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The neural representation of taste quality at the periphery

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Abstract

The mammalian taste system is responsible for sensing and responding to the five basic taste qualities: sweet, sour, bitter, salty and umami. Previously, we showed that each taste is detected by dedicated taste receptor cells (TRCs) on the tongue and palate epithelium1. To understand how TRCs transmit information to higher neural centres, we examined the tuning properties of large ensembles of neurons in the first neural station of the gustatory system. Here, we generated and characterized a collection of transgenic mice expressing a genetically encoded calcium indicator2 in central and peripheral neurons, and used a gradient refractive index microendoscope3 combined with high-resolution two-photon microscopy to image taste responses from ganglion neurons buried deep at the base of the brain. Our results reveal fine selectivity in the taste preference of ganglion neurons; demonstrate a strong match between TRCs in the tongue and the principal neural afferents relaying taste information to the brain; and expose the highly specific transfer of taste information between taste cells and the central nervous system.

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Figure 1: Thy1-GCaMP3 transgenic mice express functional GCaMP3 in taste ganglion cells.
Figure 2: In vivo two-photon microendoscopy of the geniculate ganglion.
Figure 3: Selective responses of geniculate ganglion neurons.
Figure 4: Representation of taste in the primary sensory ganglia.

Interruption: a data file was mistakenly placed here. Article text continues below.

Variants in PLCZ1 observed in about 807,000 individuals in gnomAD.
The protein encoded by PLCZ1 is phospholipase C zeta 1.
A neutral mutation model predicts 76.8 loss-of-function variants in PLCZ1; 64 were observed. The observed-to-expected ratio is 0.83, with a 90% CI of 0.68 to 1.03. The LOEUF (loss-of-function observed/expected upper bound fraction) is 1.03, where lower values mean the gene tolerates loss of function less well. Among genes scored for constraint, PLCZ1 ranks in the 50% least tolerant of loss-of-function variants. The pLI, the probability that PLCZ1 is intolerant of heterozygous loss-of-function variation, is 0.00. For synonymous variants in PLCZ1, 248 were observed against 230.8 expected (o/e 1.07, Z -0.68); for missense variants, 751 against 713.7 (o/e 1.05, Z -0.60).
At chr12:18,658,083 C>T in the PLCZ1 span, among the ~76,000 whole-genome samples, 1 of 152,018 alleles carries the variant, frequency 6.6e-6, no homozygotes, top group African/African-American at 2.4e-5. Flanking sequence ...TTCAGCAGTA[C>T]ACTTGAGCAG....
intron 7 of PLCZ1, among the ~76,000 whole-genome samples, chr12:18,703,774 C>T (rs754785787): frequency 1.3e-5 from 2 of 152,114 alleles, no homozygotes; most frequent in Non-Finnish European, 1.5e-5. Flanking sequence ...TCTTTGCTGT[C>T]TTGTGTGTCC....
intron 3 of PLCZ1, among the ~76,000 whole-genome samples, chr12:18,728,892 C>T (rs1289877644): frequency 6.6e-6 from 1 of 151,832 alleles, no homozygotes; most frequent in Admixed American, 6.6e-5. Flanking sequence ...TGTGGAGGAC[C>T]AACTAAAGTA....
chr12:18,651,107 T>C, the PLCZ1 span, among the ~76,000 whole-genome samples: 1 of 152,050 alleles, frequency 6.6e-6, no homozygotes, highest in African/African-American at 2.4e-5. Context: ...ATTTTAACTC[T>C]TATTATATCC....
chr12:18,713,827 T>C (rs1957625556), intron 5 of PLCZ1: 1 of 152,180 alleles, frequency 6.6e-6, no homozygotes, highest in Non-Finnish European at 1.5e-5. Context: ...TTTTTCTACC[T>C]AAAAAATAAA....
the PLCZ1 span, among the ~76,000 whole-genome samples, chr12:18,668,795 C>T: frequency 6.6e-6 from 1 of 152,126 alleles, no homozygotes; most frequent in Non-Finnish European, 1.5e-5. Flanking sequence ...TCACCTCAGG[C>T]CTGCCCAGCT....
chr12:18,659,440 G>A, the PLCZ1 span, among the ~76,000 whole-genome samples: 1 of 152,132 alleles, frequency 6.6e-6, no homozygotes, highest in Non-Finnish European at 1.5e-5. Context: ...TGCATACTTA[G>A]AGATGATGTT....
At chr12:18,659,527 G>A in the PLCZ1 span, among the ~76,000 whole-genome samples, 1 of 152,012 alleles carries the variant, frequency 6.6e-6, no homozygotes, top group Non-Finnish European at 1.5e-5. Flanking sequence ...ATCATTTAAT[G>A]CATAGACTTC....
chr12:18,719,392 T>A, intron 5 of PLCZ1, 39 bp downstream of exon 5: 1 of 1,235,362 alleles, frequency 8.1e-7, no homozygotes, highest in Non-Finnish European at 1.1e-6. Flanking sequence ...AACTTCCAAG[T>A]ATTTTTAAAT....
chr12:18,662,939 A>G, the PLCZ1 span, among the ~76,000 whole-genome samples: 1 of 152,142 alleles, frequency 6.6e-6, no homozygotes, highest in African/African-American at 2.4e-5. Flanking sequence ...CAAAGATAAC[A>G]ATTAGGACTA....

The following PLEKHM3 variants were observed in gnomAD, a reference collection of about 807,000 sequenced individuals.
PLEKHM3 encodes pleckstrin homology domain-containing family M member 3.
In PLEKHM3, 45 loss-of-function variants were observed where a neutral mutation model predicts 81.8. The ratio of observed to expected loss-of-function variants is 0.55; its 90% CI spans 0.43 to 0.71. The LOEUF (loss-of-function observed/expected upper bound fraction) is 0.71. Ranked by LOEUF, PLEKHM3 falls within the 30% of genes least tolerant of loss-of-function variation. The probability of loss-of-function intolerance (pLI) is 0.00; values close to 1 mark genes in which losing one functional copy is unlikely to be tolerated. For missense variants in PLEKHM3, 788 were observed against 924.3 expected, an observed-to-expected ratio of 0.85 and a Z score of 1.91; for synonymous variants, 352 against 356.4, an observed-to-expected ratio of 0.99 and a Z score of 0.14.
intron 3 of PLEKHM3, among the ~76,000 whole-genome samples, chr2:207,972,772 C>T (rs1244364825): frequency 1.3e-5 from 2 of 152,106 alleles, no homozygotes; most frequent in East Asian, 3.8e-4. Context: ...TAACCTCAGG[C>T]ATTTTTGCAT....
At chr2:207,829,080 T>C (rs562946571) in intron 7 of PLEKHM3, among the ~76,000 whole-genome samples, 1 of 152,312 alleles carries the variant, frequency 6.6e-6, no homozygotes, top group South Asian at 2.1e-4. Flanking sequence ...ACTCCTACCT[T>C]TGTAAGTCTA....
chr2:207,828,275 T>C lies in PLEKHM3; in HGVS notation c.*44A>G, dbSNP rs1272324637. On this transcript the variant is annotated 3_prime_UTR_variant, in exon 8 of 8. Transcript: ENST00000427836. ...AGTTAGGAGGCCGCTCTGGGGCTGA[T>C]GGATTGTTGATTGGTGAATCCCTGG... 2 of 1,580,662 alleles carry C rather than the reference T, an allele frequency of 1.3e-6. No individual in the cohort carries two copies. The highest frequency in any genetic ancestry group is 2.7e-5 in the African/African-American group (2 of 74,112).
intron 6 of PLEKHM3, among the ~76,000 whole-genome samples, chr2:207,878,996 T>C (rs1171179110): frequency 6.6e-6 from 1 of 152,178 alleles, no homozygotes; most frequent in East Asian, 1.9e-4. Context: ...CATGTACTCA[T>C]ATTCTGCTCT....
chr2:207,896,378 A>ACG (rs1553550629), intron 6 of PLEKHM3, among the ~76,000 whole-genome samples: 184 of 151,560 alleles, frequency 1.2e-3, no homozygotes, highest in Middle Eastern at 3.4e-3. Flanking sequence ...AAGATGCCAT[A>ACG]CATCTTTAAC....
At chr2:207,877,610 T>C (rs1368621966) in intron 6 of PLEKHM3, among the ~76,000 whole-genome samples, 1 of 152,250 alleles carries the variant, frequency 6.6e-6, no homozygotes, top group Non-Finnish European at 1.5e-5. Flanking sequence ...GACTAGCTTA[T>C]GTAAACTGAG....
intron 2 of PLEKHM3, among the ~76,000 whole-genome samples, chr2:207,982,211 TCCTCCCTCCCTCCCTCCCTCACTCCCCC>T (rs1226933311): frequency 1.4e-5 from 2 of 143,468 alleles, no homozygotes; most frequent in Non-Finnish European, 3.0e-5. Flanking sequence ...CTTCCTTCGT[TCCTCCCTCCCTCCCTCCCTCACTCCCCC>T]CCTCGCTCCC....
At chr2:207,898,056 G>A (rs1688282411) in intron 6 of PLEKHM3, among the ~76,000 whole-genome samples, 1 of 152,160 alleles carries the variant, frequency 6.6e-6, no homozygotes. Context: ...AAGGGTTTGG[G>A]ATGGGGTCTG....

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Acknowledgements

We thank the National Institute of Dental and Craniofacial Research (NIDCR) transgenic-core and C. Guo at Janelia Farms for help in generating the Thy1-GCaMP3 mouse lines, B. Shields for histology support, and Y. Oka and M. Butnaru for nerve recording and pharmacological advice. We also thank members of the Zuker laboratory for helpful comments. This research was supported in part by the intramural research program of NIDCR (N.J.P.R.). C.S.Z. is an investigator of the Howard Hughes Medical Institute and a Senior Fellow at Janelia Farms.

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Contributions

R.P.J.B. designed the study, carried out the imaging experiments, analysed data and wrote the paper; S.G.-S. developed viral gene delivery to ganglion neurons and characterized the transgenic lines; J.C. characterized the transgenic lines, carried out initial imaging experiments and analysed data; D.A.Y. collected and analysed data; M.J.S. provided microendoscopy expertise; N.J.P.R. and C.S.Z. designed the study, analysed data and wrote the paper.

Corresponding authors

Correspondence to Nicholas J. P. Ryba or Charles S. Zuker.

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The authors declare no competing financial interests.

Extended data figures and tables

Extended Data Figure 1 Thy1–GCaMP3 mice show normal physiological responses to tastants.

a, Representative nerve recording traces from control and Thy1-GCaMP3 mice in response to various tastants (see Methods for details). b, Quantification of neural responses (mean + s.e.m.) show that Thy1-GCaMP3 mice (n = 4) are indistinguishable from wild-type mice (n = 3; Student’s t-test; NaCl, P = 0.85; bitter, P = 0.46; sour, P = 0.94; sweet, P = 0.69; umami, P = 0.77). Recordings were normalized to responses to KCl (500 mM). Horizontal bars below the traces mark the time and duration of the stimulus.

Extended Data Figure 2 Reproducibility of tastant-evoked responses in geniculate ganglion neurons.

a, Representative images of calcium-evoked GCaMP3 activity in response to sweet (left) and bitter (right) stimulation. Four relative fluorescence images are shown from separate trials. In each trial, the identical cell populations were activated. b, We tested 105 sweet responding cells and 168 bitter responding cells for their reproducibility in our automated scoring algorithm for four trials. The histograms show the number of times the cells respond all four times, three out of four, two out of four, and one out of four. c, Sample traces of four representative neurons challenged with 50 trials of the same tastant over a time window of 10 min. Note the high reliability in the activation of the neurons. This experiment also illustrates the desensitization of bitter neurons (bottom traces) over time. Horizontal bars below the traces mark the time and duration of the stimulus.